Mommy (or Daddy) Only

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Written by: Gail Conway

Gail Conway, M.Ed. is the proud parent of two children and CEO for the Chicago Metropolitan Association for the Education of Young Children (Chicago Metro AEYC).Gail Conway is a child development specialist known for helping professionals, families and organizations find effective solutions to raising healthy, happy children and families. 

Five tips to help your child ease into being cared for by someone else

1. Regularly share caretaking routines and playtime activities with other trusted people when you are there. Encourage others to hold and engage your child. Your child looks to you as his or her emotional barometer. Your tone of voice and body language will reinforce the idea that it’s OK to be in the arms of this relative or friend. Stay within sight so your child knows you are quickly available. Over time, you will be able to move out of sight and stay away for longer periods of time. Your child will learn to trust and enjoy other caretakers.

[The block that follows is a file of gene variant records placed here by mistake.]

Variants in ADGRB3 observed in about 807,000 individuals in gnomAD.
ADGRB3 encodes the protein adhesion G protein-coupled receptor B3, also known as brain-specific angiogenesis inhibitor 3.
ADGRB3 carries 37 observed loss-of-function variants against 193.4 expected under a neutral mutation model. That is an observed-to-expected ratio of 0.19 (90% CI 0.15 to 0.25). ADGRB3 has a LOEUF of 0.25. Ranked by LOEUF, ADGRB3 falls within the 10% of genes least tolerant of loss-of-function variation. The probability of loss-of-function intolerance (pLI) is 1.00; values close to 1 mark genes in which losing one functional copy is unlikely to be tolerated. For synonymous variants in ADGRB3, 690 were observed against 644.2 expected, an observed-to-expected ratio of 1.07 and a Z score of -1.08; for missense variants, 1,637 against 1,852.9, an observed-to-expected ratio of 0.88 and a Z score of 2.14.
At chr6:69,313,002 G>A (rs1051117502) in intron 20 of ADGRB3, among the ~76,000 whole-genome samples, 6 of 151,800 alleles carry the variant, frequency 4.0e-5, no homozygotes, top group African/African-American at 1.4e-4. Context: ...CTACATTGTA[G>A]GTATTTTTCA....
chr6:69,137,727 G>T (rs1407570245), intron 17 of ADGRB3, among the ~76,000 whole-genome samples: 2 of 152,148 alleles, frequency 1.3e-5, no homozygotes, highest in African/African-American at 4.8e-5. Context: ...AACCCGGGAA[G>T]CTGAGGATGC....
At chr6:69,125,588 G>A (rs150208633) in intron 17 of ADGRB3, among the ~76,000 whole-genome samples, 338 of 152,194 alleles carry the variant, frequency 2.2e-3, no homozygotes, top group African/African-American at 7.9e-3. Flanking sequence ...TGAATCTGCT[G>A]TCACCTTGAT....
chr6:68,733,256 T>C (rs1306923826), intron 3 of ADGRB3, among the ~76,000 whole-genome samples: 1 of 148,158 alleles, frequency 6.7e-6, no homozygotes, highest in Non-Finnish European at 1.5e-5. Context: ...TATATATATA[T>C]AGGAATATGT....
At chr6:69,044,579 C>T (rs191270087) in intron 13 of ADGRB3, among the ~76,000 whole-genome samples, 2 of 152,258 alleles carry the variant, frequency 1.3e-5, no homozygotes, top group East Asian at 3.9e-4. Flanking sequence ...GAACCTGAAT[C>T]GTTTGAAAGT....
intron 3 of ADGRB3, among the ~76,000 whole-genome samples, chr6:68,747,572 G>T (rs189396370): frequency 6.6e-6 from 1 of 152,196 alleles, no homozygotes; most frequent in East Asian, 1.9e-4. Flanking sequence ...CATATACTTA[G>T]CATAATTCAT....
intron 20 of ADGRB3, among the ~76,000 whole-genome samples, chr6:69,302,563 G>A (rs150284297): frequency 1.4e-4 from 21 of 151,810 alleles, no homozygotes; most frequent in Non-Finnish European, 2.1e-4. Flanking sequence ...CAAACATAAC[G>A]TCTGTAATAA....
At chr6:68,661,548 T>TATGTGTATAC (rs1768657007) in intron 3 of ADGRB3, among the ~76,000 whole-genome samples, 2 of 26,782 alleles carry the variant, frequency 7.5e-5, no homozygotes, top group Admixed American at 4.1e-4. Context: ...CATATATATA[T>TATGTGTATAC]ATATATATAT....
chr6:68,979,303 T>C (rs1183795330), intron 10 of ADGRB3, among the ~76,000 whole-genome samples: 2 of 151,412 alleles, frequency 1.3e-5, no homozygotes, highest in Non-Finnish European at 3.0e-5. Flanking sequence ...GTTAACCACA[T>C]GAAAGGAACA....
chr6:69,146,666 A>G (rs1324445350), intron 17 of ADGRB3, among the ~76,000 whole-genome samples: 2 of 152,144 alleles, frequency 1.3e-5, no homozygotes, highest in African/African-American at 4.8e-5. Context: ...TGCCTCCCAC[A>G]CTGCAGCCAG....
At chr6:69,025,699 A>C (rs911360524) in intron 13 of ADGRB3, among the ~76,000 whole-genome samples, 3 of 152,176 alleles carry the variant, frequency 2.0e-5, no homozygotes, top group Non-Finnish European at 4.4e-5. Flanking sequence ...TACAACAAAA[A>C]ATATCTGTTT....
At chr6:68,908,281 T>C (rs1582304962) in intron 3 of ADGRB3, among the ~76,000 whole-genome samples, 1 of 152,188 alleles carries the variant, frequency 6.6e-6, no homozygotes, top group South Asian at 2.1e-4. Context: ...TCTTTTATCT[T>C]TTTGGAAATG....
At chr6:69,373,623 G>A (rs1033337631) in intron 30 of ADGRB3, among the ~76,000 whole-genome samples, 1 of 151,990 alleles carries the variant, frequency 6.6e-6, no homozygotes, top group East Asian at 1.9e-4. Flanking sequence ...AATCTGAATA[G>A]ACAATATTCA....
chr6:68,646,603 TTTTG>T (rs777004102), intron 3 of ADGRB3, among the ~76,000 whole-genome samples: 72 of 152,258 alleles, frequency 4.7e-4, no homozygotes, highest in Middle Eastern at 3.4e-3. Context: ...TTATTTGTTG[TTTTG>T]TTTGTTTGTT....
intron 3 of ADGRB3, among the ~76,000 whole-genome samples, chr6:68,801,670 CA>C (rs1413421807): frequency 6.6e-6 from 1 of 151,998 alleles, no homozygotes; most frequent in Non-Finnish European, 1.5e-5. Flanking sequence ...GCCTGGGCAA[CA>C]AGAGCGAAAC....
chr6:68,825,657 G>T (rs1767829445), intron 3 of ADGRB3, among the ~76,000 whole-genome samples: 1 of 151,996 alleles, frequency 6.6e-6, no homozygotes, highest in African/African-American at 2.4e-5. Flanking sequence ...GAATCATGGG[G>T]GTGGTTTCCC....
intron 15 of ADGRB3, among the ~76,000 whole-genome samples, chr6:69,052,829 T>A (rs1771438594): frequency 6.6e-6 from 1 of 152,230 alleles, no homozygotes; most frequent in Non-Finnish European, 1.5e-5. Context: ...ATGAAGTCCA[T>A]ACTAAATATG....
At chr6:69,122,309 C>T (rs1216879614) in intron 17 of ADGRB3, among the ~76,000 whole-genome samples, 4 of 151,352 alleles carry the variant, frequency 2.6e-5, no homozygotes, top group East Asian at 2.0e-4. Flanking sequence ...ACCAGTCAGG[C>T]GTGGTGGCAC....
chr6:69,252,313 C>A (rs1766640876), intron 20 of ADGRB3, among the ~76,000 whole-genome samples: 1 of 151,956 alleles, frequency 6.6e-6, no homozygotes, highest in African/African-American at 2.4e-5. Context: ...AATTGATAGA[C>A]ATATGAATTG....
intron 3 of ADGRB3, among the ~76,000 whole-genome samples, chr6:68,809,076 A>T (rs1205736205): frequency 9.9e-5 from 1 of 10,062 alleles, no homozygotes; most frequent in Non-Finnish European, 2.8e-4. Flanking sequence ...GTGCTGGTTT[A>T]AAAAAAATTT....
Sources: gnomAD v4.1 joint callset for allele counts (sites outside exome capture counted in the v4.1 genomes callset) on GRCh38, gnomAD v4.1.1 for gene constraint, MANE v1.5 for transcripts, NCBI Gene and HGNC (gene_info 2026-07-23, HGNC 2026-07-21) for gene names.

2. Prepare the caregiver. Be sure to tell the caregiver about your child’s routines, likes and dislikes. Be specific. If your child likes grilled cheese sandwiches and holds one piece in each hand, ask your caregiver to cut the sandwich in half.

3. Help children anticipate the transition. Introduce the idea of a new caregiver with a social story. Describe how you will all greet the caregiver, what will happen while you are away (i.e., play with toys, take a bath) and how you will greet your child with a big hug when you come home again. Keep it simple.

4. Minimize changes to your child’s routine during the transition.

5. Take comfort in knowing your child will learn valuable lessons from each caretaker. Caretakers offer learning experiences for both you and your child. Recognize the lessons and rich histories trusted caretakers bring to your family. My children learned new vocabulary words, tried new foods (that I had tried previously) and even how to go down the stairs feet first holding hands.

Chicago families share fantastic advice on how to navigate parenting in the city in our NPN Parent to Parent blog posts. Download the full NPN fall issue to read more! Did you receive your Parent to Parent copy at home?  If not, visit My Account and change your mailing preferences.

Posted on October 17, 2011 at 10:01 PM

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